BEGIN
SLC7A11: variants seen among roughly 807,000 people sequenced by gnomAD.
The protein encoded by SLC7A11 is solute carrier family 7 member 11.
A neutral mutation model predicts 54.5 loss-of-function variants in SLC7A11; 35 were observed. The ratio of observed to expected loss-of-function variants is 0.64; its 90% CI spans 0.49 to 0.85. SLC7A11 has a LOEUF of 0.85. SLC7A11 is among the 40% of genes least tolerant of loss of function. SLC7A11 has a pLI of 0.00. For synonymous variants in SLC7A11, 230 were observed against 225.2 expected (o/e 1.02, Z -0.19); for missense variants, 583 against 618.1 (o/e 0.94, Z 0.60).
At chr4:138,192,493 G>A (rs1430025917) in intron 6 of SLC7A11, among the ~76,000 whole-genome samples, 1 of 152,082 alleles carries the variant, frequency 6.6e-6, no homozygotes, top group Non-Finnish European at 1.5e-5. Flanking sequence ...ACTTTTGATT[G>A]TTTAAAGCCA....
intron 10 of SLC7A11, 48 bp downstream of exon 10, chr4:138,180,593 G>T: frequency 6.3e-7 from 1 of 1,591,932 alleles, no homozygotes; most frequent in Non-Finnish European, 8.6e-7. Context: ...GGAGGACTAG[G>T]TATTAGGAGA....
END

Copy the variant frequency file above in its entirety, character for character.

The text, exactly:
SLC7A11: variants seen among roughly 807,000 people sequenced by gnomAD.
The protein encoded by SLC7A11 is solute carrier family 7 member 11.
A neutral mutation model predicts 54.5 loss-of-function variants in SLC7A11; 35 were observed. The ratio of observed to expected loss-of-function variants is 0.64; its 90% CI spans 0.49 to 0.85. SLC7A11 has a LOEUF of 0.85. SLC7A11 is among the 40% of genes least tolerant of loss of function. SLC7A11 has a pLI of 0.00. For synonymous variants in SLC7A11, 230 were observed against 225.2 expected (o/e 1.02, Z -0.19); for missense variants, 583 against 618.1 (o/e 0.94, Z 0.60).
At chr4:138,192,493 G>A (rs1430025917) in intron 6 of SLC7A11, among the ~76,000 whole-genome samples, 1 of 152,082 alleles carries the variant, frequency 6.6e-6, no homozygotes, top group Non-Finnish European at 1.5e-5. Flanking sequence ...ACTTTTGATT[G>A]TTTAAAGCCA....
intron 10 of SLC7A11, 48 bp downstream of exon 10, chr4:138,180,593 G>T: frequency 6.3e-7 from 1 of 1,591,932 alleles, no homozygotes; most frequent in Non-Finnish European, 8.6e-7. Context: ...GGAGGACTAG[G>T]TATTAGGAGA....